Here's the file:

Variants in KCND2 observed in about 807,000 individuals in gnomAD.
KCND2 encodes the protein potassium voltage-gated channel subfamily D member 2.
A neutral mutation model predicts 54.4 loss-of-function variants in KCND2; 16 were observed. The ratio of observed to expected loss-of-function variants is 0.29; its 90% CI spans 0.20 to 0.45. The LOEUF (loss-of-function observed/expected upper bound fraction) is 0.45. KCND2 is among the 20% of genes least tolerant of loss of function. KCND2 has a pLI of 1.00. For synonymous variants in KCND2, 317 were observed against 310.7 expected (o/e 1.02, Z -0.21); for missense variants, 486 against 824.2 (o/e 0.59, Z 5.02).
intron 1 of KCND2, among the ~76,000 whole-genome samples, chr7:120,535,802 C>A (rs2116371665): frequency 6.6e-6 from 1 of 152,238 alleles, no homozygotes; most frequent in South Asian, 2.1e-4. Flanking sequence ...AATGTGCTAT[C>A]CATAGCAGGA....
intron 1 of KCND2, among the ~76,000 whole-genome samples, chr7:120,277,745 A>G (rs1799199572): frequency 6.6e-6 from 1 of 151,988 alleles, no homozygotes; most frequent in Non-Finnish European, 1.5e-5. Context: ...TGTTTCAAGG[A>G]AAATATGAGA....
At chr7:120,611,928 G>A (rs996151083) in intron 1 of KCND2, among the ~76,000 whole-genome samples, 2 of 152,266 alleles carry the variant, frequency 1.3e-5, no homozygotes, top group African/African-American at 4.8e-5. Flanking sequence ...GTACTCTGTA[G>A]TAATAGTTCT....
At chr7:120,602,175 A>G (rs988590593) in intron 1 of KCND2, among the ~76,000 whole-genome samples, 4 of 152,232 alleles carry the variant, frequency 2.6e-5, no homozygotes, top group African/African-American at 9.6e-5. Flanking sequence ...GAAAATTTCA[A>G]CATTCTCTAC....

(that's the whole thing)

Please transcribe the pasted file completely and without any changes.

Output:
Variants in KCND2 observed in about 807,000 individuals in gnomAD.
KCND2 encodes the protein potassium voltage-gated channel subfamily D member 2.
A neutral mutation model predicts 54.4 loss-of-function variants in KCND2; 16 were observed. The ratio of observed to expected loss-of-function variants is 0.29; its 90% CI spans 0.20 to 0.45. The LOEUF (loss-of-function observed/expected upper bound fraction) is 0.45. KCND2 is among the 20% of genes least tolerant of loss of function. KCND2 has a pLI of 1.00. For synonymous variants in KCND2, 317 were observed against 310.7 expected (o/e 1.02, Z -0.21); for missense variants, 486 against 824.2 (o/e 0.59, Z 5.02).
intron 1 of KCND2, among the ~76,000 whole-genome samples, chr7:120,535,802 C>A (rs2116371665): frequency 6.6e-6 from 1 of 152,238 alleles, no homozygotes; most frequent in South Asian, 2.1e-4. Flanking sequence ...AATGTGCTAT[C>A]CATAGCAGGA....
intron 1 of KCND2, among the ~76,000 whole-genome samples, chr7:120,277,745 A>G (rs1799199572): frequency 6.6e-6 from 1 of 151,988 alleles, no homozygotes; most frequent in Non-Finnish European, 1.5e-5. Context: ...TGTTTCAAGG[A>G]AAATATGAGA....
At chr7:120,611,928 G>A (rs996151083) in intron 1 of KCND2, among the ~76,000 whole-genome samples, 2 of 152,266 alleles carry the variant, frequency 1.3e-5, no homozygotes, top group African/African-American at 4.8e-5. Flanking sequence ...GTACTCTGTA[G>A]TAATAGTTCT....
At chr7:120,602,175 A>G (rs988590593) in intron 1 of KCND2, among the ~76,000 whole-genome samples, 4 of 152,232 alleles carry the variant, frequency 2.6e-5, no homozygotes, top group African/African-American at 9.6e-5. Flanking sequence ...GAAAATTTCA[A>G]CATTCTCTAC....